Photo of Gabrielle Hirz

In this Ropes & Gray podcast, Gabby Hirz, counsel in the tax controversy group, is joined by Loretta Richard, a partner in the tax and benefits group and co-founder of the tax controversy group, and Christi Lazo, counsel in the private client group, to discuss another notable Tax Court decision, Lender Management LLC v. Commissioner of Internal Revenue. Lender Management considered whether a family office was operating a trade or business and could therefore deduct investment expenses as business expenses.

In a recent Tax Notes International article, “Is Fishing in Tax Waters Getting Easier or Just More High Tech?,” Brian Studniberg, Gabby Hirz and Loretta Richard provide commentary on the continued role of international information exchange on request given the availability of automatic information exchange.

Click here to read the full article including further insight from the group.

 

In a recent Law360 article, “IRS Could Replace Offshore Voluntary Disclosure Program,” Gabby Hirz comments on the pending closure of the IRS Offshore Voluntary Disclosure Program (OVDP), which allows U.S. taxpayers who have not disclosed foreign bank accounts to come forward while avoiding criminal penalties and paying a reduced civil penalty. Gabby observes that the IRS’s request for comments has caused speculation as to whether IRS is developing a new version of the OVDP. To read more observations from Gabby, please click here.

 

On February 27, 2018, the Boston Chapter of the Federal Bar Association (FBA) Tax Section and Ropes and Gray co-hosted an event that featured Judge David Gustafson of the United States Tax Court. The event provided the opportunity for attendees to network and connect with other practitioners from Boston area law and accounting firms, the Internal Revenue Service, local non-profit organizations and LLM students from Boston University School of Law and Suffolk Law School.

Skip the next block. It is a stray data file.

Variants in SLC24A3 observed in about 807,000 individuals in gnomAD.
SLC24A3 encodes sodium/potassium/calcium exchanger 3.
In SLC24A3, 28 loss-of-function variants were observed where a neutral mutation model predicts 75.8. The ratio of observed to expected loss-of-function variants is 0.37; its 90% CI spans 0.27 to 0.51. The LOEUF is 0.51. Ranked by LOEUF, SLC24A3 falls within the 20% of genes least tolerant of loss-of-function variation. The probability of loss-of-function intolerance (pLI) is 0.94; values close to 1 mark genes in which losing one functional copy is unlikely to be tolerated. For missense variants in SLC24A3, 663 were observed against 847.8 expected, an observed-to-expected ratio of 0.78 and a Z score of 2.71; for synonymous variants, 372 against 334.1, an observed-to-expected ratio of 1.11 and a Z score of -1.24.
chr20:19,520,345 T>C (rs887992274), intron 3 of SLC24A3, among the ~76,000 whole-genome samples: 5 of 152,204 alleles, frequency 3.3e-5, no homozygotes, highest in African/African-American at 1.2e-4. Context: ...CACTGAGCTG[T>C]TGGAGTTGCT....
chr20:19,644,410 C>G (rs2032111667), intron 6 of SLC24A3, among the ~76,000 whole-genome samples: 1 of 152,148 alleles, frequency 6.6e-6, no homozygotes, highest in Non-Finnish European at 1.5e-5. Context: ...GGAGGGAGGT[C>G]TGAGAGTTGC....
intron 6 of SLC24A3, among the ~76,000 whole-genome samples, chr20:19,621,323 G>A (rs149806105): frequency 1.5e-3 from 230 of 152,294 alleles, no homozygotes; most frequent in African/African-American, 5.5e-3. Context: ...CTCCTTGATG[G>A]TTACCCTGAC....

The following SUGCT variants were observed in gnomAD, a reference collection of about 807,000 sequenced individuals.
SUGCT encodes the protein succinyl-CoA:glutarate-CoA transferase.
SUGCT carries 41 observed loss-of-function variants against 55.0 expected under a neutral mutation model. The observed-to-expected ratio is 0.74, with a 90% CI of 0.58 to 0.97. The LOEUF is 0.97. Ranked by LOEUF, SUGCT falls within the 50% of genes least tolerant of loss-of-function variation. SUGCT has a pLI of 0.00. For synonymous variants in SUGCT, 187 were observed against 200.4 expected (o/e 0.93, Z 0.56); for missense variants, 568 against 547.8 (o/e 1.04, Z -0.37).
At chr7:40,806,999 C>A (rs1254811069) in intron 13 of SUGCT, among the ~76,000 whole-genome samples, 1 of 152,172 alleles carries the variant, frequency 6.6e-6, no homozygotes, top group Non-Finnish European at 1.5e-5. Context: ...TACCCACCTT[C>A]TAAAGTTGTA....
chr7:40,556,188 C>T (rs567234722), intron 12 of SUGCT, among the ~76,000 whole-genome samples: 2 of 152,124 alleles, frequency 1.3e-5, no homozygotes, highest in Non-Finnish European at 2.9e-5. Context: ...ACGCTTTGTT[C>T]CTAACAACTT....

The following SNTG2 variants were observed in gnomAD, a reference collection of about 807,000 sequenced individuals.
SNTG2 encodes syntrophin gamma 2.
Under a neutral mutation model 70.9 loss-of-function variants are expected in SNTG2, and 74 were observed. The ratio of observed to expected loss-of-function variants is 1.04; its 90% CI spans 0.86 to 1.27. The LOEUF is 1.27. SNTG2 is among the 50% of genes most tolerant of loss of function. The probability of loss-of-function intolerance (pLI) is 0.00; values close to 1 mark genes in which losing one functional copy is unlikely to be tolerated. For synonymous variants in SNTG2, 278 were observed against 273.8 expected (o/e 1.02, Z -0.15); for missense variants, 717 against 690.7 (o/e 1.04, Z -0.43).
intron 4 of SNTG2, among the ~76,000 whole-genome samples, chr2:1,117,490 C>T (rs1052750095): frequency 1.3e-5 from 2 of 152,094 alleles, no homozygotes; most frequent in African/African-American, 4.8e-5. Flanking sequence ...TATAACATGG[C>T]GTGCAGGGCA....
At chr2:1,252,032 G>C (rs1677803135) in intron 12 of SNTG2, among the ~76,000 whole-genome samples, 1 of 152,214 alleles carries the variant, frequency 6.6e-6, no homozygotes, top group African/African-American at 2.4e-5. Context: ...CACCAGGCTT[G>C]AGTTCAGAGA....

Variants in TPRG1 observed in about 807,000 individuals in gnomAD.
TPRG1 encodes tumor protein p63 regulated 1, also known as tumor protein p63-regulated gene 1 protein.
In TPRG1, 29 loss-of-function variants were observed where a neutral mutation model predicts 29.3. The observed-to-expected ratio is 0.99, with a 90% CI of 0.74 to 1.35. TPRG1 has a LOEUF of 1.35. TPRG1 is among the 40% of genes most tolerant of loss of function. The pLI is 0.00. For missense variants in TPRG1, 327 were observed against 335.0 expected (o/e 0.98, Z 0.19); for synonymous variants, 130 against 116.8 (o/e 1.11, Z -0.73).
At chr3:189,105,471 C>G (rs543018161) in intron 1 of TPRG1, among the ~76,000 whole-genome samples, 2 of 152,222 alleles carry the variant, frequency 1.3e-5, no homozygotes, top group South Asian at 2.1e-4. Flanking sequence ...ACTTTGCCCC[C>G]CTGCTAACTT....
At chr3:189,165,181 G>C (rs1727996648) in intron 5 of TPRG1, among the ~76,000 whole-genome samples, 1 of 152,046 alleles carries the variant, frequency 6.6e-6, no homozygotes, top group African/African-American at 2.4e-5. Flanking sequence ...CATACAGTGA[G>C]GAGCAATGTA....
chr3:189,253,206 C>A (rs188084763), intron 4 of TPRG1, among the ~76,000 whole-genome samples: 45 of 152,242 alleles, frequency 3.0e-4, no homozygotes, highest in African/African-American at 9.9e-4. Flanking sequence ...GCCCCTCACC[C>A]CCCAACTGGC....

Judge Gustafson was appointed as judge by former president George W. Bush in 2008. Prior to his appointment, Judge Gustafson served as a trial attorney, Assistant Chief and eventual Chief in the Court of Federal Claims Section of the Tax Division in the U.S. Department of Justice. He offered a variety of interesting remarks about his experience as a Tax Court judge, and provided a behind-the-scenes look at the process behind reviewed opinions.

To view photos from the event, please click here. For more information about the FBA Tax, or to be notified about future events by email, please contact Boston co-chair Gabby Hirz at gabrielle.hirz@ropesgray.com

On March 13, 2018, the IRS announced its first substantive Large Business and International Division (“LB&I”) compliance campaigns focused on partnerships and their partners. Although in January 2017, the IRS announced its intent to conduct a “TEFRA Linkage Plan Strategy Campaign” geared toward new procedures and techniques for assessing tax on partners after TEFRA-audits, its other 23 campaigns announced in 2017 were largely industry-specific campaigns, focused on discrete transactions, or focused on other kinds of taxpayers, such as individuals and foreign corporations. That changed last week with the announcement of three new campaigns focused uniquely on entities taxed as partnerships and their partners and members. The campaigns will focus on three particular circumstances: (1) individual partners or members who provided services to their partnership or LLC without reporting income subject to self-employment tax; (2) individual partners who have reported sales of partnership interests who may have improperly reported the character of their gain or loss; and (3) partnerships who have failed to file returns although continuing to engage in business activities and their partners who have not reported corresponding income. Partners and partnerships who fall into these categories may receive an examination notice for an issue-based examination, or a soft letter alerting them that their tax return may be incorrect. In addition, partners intending to sell partnership interests or report income from services to a partnership this year may want to watch for changes to forms and instructions, including in their tax software.

For more information regarding the new LB&I compliance campaigns, read our full alert here.

On March 13, 2018, the IRS announced a new Large Business and International Division (“LB&I”) compliance campaign determined to impose tax adjustments on taxpayers who have deducted the costs associated with a tax-free spin-off, split-off or split-up under Section 355. In general, transaction costs to facilitate section 355 transactions must be capitalized. The IRS will be examining tax returns of entities reporting section 355 transactions to determine if they attempted to currently deduct transaction expenses. Taxpayers who conducted section 355 transactions in the past few years may want to consider reviewing their return positions to determine if they may be a target of this campaign.